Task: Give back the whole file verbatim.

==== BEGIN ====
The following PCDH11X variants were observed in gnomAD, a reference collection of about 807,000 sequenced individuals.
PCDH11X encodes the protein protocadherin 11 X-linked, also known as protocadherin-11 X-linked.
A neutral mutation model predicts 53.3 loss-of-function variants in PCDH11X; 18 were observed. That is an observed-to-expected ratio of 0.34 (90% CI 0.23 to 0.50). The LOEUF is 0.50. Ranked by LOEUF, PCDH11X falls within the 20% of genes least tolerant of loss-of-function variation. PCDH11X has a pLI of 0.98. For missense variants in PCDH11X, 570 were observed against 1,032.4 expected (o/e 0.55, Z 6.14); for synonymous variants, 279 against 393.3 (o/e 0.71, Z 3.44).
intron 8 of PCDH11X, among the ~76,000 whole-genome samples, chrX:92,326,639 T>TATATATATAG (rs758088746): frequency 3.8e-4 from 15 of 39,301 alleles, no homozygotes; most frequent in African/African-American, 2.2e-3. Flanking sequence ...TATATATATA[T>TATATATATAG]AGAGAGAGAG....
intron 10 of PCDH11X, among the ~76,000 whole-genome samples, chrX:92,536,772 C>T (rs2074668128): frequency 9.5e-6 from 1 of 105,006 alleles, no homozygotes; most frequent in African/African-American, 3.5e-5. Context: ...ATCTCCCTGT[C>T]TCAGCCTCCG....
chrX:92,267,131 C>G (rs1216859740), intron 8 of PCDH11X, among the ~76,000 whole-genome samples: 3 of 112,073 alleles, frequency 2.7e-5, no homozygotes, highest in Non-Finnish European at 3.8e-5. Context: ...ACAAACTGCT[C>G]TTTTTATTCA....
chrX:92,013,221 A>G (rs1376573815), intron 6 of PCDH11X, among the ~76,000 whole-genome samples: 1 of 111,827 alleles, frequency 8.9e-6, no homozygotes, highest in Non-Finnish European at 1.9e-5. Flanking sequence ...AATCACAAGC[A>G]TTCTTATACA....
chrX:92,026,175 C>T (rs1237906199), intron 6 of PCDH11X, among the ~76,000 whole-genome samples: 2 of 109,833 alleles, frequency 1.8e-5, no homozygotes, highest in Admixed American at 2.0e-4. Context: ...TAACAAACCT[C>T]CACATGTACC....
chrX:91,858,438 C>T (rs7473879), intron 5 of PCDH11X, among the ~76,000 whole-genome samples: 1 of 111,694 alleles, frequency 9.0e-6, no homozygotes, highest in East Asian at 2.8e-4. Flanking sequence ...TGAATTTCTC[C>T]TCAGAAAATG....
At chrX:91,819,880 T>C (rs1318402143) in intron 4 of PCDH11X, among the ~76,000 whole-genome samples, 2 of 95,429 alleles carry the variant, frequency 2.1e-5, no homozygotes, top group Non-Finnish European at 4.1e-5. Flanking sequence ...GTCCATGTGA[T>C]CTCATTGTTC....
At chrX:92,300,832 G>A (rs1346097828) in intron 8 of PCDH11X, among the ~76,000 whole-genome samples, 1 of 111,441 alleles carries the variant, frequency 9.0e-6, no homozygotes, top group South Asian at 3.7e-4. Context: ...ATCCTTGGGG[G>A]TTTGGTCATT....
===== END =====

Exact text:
The following PCDH11X variants were observed in gnomAD, a reference collection of about 807,000 sequenced individuals.
PCDH11X encodes the protein protocadherin 11 X-linked, also known as protocadherin-11 X-linked.
A neutral mutation model predicts 53.3 loss-of-function variants in PCDH11X; 18 were observed. That is an observed-to-expected ratio of 0.34 (90% CI 0.23 to 0.50). The LOEUF is 0.50. Ranked by LOEUF, PCDH11X falls within the 20% of genes least tolerant of loss-of-function variation. PCDH11X has a pLI of 0.98. For missense variants in PCDH11X, 570 were observed against 1,032.4 expected (o/e 0.55, Z 6.14); for synonymous variants, 279 against 393.3 (o/e 0.71, Z 3.44).
intron 8 of PCDH11X, among the ~76,000 whole-genome samples, chrX:92,326,639 T>TATATATATAG (rs758088746): frequency 3.8e-4 from 15 of 39,301 alleles, no homozygotes; most frequent in African/African-American, 2.2e-3. Flanking sequence ...TATATATATA[T>TATATATATAG]AGAGAGAGAG....
intron 10 of PCDH11X, among the ~76,000 whole-genome samples, chrX:92,536,772 C>T (rs2074668128): frequency 9.5e-6 from 1 of 105,006 alleles, no homozygotes; most frequent in African/African-American, 3.5e-5. Context: ...ATCTCCCTGT[C>T]TCAGCCTCCG....
chrX:92,267,131 C>G (rs1216859740), intron 8 of PCDH11X, among the ~76,000 whole-genome samples: 3 of 112,073 alleles, frequency 2.7e-5, no homozygotes, highest in Non-Finnish European at 3.8e-5. Context: ...ACAAACTGCT[C>G]TTTTTATTCA....
chrX:92,013,221 A>G (rs1376573815), intron 6 of PCDH11X, among the ~76,000 whole-genome samples: 1 of 111,827 alleles, frequency 8.9e-6, no homozygotes, highest in Non-Finnish European at 1.9e-5. Flanking sequence ...AATCACAAGC[A>G]TTCTTATACA....
chrX:92,026,175 C>T (rs1237906199), intron 6 of PCDH11X, among the ~76,000 whole-genome samples: 2 of 109,833 alleles, frequency 1.8e-5, no homozygotes, highest in Admixed American at 2.0e-4. Context: ...TAACAAACCT[C>T]CACATGTACC....
chrX:91,858,438 C>T (rs7473879), intron 5 of PCDH11X, among the ~76,000 whole-genome samples: 1 of 111,694 alleles, frequency 9.0e-6, no homozygotes, highest in East Asian at 2.8e-4. Flanking sequence ...TGAATTTCTC[C>T]TCAGAAAATG....
At chrX:91,819,880 T>C (rs1318402143) in intron 4 of PCDH11X, among the ~76,000 whole-genome samples, 2 of 95,429 alleles carry the variant, frequency 2.1e-5, no homozygotes, top group Non-Finnish European at 4.1e-5. Flanking sequence ...GTCCATGTGA[T>C]CTCATTGTTC....
At chrX:92,300,832 G>A (rs1346097828) in intron 8 of PCDH11X, among the ~76,000 whole-genome samples, 1 of 111,441 alleles carries the variant, frequency 9.0e-6, no homozygotes, top group South Asian at 3.7e-4. Context: ...ATCCTTGGGG[G>A]TTTGGTCATT....